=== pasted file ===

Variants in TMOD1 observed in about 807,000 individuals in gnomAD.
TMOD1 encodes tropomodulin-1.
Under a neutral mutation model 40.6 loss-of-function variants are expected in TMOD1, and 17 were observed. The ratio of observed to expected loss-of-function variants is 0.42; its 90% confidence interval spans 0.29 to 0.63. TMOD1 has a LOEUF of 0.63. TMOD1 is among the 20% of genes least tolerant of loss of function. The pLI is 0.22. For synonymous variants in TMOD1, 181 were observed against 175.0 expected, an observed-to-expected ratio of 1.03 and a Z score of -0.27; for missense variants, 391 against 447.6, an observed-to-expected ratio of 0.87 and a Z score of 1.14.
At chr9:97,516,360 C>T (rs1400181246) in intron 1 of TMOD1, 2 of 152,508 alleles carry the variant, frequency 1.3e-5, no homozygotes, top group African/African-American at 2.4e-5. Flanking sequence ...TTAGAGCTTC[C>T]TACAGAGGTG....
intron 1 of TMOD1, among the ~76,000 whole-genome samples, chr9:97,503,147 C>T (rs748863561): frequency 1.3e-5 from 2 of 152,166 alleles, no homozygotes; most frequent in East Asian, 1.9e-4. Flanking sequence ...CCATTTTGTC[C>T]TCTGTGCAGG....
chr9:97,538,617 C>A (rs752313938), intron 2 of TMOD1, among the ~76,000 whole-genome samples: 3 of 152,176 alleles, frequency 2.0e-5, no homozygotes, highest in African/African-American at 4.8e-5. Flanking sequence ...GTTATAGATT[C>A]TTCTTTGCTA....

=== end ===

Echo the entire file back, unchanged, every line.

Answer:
Variants in TMOD1 observed in about 807,000 individuals in gnomAD.
TMOD1 encodes tropomodulin-1.
Under a neutral mutation model 40.6 loss-of-function variants are expected in TMOD1, and 17 were observed. The ratio of observed to expected loss-of-function variants is 0.42; its 90% confidence interval spans 0.29 to 0.63. TMOD1 has a LOEUF of 0.63. TMOD1 is among the 20% of genes least tolerant of loss of function. The pLI is 0.22. For synonymous variants in TMOD1, 181 were observed against 175.0 expected, an observed-to-expected ratio of 1.03 and a Z score of -0.27; for missense variants, 391 against 447.6, an observed-to-expected ratio of 0.87 and a Z score of 1.14.
At chr9:97,516,360 C>T (rs1400181246) in intron 1 of TMOD1, 2 of 152,508 alleles carry the variant, frequency 1.3e-5, no homozygotes, top group African/African-American at 2.4e-5. Flanking sequence ...TTAGAGCTTC[C>T]TACAGAGGTG....
intron 1 of TMOD1, among the ~76,000 whole-genome samples, chr9:97,503,147 C>T (rs748863561): frequency 1.3e-5 from 2 of 152,166 alleles, no homozygotes; most frequent in East Asian, 1.9e-4. Flanking sequence ...CCATTTTGTC[C>T]TCTGTGCAGG....
chr9:97,538,617 C>A (rs752313938), intron 2 of TMOD1, among the ~76,000 whole-genome samples: 3 of 152,176 alleles, frequency 2.0e-5, no homozygotes, highest in African/African-American at 4.8e-5. Flanking sequence ...GTTATAGATT[C>A]TTCTTTGCTA....